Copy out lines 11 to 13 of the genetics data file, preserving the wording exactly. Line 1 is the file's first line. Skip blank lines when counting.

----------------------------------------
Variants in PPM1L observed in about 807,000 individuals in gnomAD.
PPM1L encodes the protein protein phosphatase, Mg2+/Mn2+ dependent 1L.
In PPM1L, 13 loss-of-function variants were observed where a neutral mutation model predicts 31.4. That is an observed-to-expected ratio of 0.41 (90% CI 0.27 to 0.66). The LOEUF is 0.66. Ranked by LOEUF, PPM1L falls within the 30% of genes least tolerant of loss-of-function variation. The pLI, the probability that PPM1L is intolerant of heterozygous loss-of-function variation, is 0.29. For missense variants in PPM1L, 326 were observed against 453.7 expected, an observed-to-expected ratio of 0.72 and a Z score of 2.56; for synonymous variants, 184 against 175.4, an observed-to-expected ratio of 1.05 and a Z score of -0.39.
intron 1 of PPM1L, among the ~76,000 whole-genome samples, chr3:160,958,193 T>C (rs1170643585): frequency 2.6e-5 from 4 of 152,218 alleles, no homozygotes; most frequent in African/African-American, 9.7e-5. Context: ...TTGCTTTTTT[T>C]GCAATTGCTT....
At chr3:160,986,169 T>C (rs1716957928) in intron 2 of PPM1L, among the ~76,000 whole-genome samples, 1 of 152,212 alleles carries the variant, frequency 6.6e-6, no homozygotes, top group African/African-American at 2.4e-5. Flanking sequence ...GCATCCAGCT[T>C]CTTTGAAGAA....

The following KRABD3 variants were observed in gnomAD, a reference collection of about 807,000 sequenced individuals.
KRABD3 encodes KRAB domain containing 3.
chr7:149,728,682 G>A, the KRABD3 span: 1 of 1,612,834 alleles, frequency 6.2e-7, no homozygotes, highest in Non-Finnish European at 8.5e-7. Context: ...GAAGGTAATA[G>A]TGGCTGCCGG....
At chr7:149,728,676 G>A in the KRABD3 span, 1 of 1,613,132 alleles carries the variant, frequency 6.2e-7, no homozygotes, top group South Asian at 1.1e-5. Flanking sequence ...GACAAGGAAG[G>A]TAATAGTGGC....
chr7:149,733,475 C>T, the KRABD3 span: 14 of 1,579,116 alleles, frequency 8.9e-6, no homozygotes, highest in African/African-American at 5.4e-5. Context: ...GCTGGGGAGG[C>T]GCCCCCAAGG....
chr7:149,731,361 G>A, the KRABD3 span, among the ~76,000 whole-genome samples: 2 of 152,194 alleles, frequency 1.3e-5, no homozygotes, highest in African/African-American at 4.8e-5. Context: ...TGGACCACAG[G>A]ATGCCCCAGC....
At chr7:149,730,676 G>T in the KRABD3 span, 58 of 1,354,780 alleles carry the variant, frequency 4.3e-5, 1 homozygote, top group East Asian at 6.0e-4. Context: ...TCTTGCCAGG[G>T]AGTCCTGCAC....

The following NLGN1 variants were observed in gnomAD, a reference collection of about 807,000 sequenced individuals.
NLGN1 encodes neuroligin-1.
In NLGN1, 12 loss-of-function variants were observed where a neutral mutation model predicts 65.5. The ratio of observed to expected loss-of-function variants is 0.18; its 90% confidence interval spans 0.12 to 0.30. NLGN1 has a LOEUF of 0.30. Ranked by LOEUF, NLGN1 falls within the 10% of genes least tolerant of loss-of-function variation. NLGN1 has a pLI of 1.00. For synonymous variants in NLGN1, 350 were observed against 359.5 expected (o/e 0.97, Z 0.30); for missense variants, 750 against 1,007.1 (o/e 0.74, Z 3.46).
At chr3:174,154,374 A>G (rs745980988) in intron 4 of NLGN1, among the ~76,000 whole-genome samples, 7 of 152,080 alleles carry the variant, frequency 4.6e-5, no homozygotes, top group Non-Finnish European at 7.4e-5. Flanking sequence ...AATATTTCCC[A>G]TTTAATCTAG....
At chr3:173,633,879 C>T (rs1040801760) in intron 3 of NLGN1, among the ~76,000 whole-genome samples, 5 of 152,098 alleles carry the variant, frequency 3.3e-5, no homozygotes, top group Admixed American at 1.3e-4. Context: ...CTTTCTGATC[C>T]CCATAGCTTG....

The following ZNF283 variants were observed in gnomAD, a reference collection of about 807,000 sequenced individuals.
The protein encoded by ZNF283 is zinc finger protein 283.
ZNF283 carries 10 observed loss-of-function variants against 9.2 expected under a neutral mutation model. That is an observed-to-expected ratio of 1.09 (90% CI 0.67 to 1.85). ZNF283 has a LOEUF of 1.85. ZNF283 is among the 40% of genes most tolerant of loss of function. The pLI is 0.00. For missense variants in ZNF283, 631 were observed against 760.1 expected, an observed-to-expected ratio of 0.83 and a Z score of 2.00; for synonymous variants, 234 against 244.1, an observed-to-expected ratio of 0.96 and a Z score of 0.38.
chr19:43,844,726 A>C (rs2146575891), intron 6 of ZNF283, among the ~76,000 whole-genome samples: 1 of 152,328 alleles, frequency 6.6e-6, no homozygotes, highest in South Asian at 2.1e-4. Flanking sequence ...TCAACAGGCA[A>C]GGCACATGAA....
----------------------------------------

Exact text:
chr7:149,731,361 G>A, the KRABD3 span, among the ~76,000 whole-genome samples: 2 of 152,194 alleles, frequency 1.3e-5, no homozygotes, highest in African/African-American at 4.8e-5. Context: ...TGGACCACAG[G>A]ATGCCCCAGC....
At chr7:149,730,676 G>T in the KRABD3 span, 58 of 1,354,780 alleles carry the variant, frequency 4.3e-5, 1 homozygote, top group East Asian at 6.0e-4. Context: ...TCTTGCCAGG[G>T]AGTCCTGCAC....

The following NLGN1 variants were observed in gnomAD, a reference collection of about 807,000 sequenced individuals.